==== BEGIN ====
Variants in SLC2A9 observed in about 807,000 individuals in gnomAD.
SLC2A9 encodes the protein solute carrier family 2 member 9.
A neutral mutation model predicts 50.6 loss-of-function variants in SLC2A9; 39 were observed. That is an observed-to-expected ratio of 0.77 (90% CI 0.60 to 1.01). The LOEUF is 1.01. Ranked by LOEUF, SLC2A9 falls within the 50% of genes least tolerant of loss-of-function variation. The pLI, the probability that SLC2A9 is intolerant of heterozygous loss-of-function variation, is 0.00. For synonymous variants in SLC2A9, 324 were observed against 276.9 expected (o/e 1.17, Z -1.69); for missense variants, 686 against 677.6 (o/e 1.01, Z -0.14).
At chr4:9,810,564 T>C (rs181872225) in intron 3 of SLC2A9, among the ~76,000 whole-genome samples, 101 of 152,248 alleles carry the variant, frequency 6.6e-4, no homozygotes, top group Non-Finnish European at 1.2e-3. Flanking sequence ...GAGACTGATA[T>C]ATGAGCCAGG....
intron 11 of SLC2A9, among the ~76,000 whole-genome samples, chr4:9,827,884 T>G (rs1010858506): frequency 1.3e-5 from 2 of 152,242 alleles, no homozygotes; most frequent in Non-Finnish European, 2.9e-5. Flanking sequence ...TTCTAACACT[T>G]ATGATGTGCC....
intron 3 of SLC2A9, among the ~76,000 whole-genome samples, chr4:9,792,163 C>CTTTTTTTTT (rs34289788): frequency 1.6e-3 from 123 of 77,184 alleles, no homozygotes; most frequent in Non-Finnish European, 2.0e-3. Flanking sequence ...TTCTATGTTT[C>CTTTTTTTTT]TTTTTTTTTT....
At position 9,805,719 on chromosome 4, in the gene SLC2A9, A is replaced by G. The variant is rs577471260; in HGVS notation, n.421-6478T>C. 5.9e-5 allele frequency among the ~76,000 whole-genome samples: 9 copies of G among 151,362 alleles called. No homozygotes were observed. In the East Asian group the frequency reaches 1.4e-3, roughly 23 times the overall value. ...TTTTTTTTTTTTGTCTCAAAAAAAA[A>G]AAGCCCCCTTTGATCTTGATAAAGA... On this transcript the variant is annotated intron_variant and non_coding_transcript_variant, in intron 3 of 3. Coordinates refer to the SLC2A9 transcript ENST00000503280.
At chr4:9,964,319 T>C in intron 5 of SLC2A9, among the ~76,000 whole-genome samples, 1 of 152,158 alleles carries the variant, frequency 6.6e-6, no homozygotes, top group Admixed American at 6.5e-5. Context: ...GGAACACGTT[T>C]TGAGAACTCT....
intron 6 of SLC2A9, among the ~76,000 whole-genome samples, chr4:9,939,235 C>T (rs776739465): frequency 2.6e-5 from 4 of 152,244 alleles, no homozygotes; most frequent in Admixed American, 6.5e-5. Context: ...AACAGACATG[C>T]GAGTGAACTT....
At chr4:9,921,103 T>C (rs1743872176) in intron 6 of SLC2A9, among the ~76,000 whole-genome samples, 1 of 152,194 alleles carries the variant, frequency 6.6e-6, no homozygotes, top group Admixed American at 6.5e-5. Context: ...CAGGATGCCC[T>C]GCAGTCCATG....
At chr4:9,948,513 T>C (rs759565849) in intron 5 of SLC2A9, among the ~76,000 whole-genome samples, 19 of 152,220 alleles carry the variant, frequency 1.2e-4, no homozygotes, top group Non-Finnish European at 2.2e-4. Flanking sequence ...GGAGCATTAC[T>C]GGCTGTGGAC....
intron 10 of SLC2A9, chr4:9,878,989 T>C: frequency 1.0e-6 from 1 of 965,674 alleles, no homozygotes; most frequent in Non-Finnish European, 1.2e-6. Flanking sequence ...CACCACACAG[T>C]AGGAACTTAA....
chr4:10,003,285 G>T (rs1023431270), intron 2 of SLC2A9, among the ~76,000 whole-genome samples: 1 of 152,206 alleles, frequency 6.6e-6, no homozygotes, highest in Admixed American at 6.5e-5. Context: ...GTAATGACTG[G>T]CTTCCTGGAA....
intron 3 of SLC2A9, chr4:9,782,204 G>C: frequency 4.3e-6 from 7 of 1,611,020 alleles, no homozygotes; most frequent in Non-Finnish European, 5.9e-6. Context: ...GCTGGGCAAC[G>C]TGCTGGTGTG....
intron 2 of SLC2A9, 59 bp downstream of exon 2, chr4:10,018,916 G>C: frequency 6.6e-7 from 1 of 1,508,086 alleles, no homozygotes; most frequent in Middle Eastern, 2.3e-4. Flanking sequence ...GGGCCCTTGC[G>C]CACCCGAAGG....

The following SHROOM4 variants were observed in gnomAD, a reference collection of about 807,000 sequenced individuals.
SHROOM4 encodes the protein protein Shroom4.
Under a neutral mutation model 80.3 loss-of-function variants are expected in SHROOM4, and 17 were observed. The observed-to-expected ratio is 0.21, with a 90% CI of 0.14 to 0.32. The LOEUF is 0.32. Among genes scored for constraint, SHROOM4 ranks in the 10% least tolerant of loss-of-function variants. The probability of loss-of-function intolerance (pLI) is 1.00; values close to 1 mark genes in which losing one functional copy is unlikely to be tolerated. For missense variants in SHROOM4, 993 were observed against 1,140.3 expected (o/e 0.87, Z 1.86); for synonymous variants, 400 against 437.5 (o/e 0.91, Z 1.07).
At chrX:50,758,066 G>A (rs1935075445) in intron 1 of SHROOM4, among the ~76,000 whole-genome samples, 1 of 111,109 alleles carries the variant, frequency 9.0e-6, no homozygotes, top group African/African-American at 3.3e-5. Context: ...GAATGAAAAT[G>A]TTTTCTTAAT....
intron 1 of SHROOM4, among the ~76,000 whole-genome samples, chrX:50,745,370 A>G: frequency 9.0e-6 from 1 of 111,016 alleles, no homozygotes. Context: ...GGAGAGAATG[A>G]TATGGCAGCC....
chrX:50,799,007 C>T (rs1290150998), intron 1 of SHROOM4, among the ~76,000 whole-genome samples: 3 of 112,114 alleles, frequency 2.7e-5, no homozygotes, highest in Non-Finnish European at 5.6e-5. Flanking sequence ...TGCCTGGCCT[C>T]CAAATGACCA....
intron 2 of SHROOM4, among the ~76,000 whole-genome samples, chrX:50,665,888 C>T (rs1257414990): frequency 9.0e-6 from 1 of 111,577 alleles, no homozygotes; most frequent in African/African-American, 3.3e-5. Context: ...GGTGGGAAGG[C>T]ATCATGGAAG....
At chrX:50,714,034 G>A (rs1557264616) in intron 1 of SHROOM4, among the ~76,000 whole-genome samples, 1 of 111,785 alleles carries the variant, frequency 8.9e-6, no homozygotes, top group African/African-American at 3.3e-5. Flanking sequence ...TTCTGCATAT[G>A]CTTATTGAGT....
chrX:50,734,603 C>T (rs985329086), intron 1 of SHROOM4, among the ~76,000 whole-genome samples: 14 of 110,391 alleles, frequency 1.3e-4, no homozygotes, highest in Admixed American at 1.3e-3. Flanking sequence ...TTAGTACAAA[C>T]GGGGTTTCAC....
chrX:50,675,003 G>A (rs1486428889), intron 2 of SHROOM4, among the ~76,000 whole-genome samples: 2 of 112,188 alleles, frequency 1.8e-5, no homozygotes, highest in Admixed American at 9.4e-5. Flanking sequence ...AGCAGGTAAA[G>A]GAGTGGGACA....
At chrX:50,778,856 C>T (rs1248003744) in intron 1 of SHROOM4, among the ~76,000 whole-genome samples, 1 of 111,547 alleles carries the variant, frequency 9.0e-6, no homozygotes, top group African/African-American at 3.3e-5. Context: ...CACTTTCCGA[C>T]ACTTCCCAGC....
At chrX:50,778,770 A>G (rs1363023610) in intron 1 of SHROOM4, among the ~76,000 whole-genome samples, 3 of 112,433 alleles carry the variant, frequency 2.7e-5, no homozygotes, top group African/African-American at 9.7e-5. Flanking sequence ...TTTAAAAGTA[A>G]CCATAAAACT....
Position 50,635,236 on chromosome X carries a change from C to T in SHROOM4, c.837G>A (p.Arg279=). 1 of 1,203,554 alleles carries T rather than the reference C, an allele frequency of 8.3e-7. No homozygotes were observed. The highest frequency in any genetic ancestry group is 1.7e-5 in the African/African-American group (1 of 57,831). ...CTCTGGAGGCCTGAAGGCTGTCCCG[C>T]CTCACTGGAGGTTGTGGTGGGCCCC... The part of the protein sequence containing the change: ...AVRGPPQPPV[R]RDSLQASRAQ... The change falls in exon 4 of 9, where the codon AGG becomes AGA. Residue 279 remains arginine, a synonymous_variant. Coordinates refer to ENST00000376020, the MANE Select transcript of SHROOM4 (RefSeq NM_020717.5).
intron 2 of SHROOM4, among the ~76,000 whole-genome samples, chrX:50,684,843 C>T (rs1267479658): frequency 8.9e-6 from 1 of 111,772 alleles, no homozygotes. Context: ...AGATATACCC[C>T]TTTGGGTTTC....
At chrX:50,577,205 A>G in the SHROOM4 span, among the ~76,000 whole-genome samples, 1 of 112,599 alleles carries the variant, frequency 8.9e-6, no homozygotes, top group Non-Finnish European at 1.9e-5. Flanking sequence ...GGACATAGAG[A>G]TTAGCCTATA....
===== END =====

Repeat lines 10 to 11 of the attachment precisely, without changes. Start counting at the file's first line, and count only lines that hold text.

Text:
At chr4:9,921,103 T>C (rs1743872176) in intron 6 of SLC2A9, among the ~76,000 whole-genome samples, 1 of 152,194 alleles carries the variant, frequency 6.6e-6, no homozygotes, top group Admixed American at 6.5e-5. Context: ...CAGGATGCCC[T>C]GCAGTCCATG....
At chr4:9,948,513 T>C (rs759565849) in intron 5 of SLC2A9, among the ~76,000 whole-genome samples, 19 of 152,220 alleles carry the variant, frequency 1.2e-4, no homozygotes, top group Non-Finnish European at 2.2e-4. Flanking sequence ...GGAGCATTAC[T>C]GGCTGTGGAC....